Bringing our oral hydro history to life

Construction work on SSE’s new visitor centre in Pitlochry is making good progress and is due to open at the start of next year.

Whilst the physical site is being built SSE’s Head of Heritage, Gillian O’Reilly, has been leading a project to gather stories from engineers and workers who helped bring hydro power to Scotland over 70 years ago. These accounts will be part of a special film which will take centre stage in the visitor centre.

One such engineer is Brian Haslam, 83, from Fochabers, who worked on the Errochty and Breadalbane Schemes in the 1950s as a civil engineer. An engineer’s job was to make sure the network of tunnels and pipelines were positioned correctly.

Brian is fiercely proud of the role he played in bringing electricity to the Highlands and recalls conditions at that time.

“I started 10 years after WW2 ended and Europe was still in turmoil,” he says.

“Many displaced workers from all over Europe, who had little possessions, came to Scotland to work and as a young person; it was fascinating to hear their experiences. There were also many Irish workers and we generally all got on well. Everyone was glad of the work and the chance to earn good money, and for me it was also a chance to gain experience and learn about life.

“I worked for two construction companies, Mitchell Construction and A.M. Carmichael, between 1955 and 1959, two of the many contractors involved.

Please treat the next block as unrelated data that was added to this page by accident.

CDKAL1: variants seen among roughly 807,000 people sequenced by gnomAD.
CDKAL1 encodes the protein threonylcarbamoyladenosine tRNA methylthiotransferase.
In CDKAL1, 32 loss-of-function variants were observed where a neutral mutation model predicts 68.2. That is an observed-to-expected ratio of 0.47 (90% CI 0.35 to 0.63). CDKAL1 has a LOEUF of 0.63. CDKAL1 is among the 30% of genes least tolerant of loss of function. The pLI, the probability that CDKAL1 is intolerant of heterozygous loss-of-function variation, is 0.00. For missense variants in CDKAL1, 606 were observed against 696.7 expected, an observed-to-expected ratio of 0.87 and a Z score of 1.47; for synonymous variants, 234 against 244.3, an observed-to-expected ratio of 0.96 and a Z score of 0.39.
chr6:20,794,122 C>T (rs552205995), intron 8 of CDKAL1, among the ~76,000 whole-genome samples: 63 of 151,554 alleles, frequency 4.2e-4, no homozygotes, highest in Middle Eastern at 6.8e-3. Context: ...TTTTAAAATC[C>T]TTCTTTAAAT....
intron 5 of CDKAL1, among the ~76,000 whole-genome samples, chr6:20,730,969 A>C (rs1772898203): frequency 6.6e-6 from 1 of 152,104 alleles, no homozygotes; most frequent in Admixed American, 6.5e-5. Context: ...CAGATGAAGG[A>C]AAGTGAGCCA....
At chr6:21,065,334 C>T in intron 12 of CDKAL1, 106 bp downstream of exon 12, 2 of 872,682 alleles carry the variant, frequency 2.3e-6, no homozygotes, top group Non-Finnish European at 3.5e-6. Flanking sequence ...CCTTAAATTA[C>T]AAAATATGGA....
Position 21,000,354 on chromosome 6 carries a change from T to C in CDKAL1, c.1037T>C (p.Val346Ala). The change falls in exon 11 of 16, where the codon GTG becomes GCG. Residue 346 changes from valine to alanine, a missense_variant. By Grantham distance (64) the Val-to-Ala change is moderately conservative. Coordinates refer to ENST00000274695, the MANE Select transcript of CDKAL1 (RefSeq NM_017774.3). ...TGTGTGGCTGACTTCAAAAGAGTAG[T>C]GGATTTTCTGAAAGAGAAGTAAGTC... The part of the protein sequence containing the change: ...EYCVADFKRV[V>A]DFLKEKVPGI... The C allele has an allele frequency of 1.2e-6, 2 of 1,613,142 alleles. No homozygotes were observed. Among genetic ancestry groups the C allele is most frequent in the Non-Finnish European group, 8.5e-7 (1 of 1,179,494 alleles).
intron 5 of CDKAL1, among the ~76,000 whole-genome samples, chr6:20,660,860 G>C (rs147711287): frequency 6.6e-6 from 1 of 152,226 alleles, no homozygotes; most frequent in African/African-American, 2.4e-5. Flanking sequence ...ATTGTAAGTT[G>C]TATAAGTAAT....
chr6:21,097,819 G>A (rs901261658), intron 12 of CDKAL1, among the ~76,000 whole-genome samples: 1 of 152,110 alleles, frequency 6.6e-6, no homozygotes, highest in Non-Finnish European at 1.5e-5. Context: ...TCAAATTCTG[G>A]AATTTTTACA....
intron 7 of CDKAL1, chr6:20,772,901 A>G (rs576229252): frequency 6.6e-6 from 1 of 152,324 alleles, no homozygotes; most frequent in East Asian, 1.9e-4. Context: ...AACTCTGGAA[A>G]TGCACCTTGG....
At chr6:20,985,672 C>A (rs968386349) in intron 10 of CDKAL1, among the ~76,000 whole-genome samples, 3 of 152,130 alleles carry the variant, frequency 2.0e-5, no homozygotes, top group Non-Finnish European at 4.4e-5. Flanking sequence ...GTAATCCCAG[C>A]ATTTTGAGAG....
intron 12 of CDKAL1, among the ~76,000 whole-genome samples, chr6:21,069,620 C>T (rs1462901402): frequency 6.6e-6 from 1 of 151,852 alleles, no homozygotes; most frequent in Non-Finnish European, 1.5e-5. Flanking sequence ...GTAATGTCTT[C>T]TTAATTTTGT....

“There were vast numbers of workers in the area and each company would build camps to house everyone. Initially some locals in some places were sceptical, but they soon saw the benefits of what we were doing and appreciated the all year round income.

“The contractors would make an effort to help us get on with the locals. I remember one lively Burns Supper organised by Mitchells in the Luib Hotel where all the local farmers, gamekeepers and their wives were invited.

“The dances held in the McLaren Hall in Killin drew more people than the Yukon Gold Rush! It was a very special and social time and people made lifelong friends.”

So how does Brian sum up the legacy of theses projects and how would he like people to remember the ‘Hydro Boys’ when they come to SSE’s new visitor centre?

“I look back on it all with enormous pride,” concludes Brian. “Whenever people ask me about it I say, ‘whenever you press a switch and a light comes on - that’s what we made possible.’ I feel proud and humble because the technology we built is still here and still working today.

“I think a lot of credit must go to Tom Johnston and his colleagues who were the visionaries behind the hydro revolution. There was a lot of resistance from rich landowners who didn’t want to see the schemes built, but he won the day and his legacy endures.

“I sincerely commend SSE for wanting to capture these memories. I hope people will come to their new visitor centre and be inspired by the stories we have handed down to them.”

For more information on what we have planned please watch this short film with SSE’s Head of Heritage, Gillian O’Reilly.